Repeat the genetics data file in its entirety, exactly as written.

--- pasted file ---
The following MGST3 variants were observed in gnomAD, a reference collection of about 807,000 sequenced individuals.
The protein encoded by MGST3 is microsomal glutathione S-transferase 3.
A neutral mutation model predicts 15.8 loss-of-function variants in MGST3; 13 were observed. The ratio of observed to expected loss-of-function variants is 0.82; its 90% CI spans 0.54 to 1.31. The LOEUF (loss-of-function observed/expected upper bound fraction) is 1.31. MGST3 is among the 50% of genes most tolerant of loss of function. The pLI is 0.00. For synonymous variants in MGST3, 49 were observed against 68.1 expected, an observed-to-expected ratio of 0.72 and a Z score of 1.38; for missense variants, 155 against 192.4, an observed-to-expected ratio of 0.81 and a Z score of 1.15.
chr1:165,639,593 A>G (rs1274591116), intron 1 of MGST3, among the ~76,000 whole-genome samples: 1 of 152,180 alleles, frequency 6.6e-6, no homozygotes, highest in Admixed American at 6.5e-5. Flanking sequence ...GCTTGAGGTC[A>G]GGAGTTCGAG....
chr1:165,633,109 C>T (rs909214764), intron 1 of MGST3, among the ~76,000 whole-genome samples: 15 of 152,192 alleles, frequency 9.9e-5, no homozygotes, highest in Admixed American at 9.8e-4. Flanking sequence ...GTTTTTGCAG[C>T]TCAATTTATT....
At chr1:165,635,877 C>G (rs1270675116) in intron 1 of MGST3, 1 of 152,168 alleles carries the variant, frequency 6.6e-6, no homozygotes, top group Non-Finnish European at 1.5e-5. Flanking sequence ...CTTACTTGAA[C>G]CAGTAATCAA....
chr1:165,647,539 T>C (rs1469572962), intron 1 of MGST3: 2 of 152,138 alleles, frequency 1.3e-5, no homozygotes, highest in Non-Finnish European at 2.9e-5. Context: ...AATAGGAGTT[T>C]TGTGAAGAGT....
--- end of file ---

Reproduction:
The following MGST3 variants were observed in gnomAD, a reference collection of about 807,000 sequenced individuals.
The protein encoded by MGST3 is microsomal glutathione S-transferase 3.
A neutral mutation model predicts 15.8 loss-of-function variants in MGST3; 13 were observed. The ratio of observed to expected loss-of-function variants is 0.82; its 90% CI spans 0.54 to 1.31. The LOEUF (loss-of-function observed/expected upper bound fraction) is 1.31. MGST3 is among the 50% of genes most tolerant of loss of function. The pLI is 0.00. For synonymous variants in MGST3, 49 were observed against 68.1 expected, an observed-to-expected ratio of 0.72 and a Z score of 1.38; for missense variants, 155 against 192.4, an observed-to-expected ratio of 0.81 and a Z score of 1.15.
chr1:165,639,593 A>G (rs1274591116), intron 1 of MGST3, among the ~76,000 whole-genome samples: 1 of 152,180 alleles, frequency 6.6e-6, no homozygotes, highest in Admixed American at 6.5e-5. Flanking sequence ...GCTTGAGGTC[A>G]GGAGTTCGAG....
chr1:165,633,109 C>T (rs909214764), intron 1 of MGST3, among the ~76,000 whole-genome samples: 15 of 152,192 alleles, frequency 9.9e-5, no homozygotes, highest in Admixed American at 9.8e-4. Flanking sequence ...GTTTTTGCAG[C>T]TCAATTTATT....
At chr1:165,635,877 C>G (rs1270675116) in intron 1 of MGST3, 1 of 152,168 alleles carries the variant, frequency 6.6e-6, no homozygotes, top group Non-Finnish European at 1.5e-5. Flanking sequence ...CTTACTTGAA[C>G]CAGTAATCAA....
chr1:165,647,539 T>C (rs1469572962), intron 1 of MGST3: 2 of 152,138 alleles, frequency 1.3e-5, no homozygotes, highest in Non-Finnish European at 2.9e-5. Context: ...AATAGGAGTT[T>C]TGTGAAGAGT....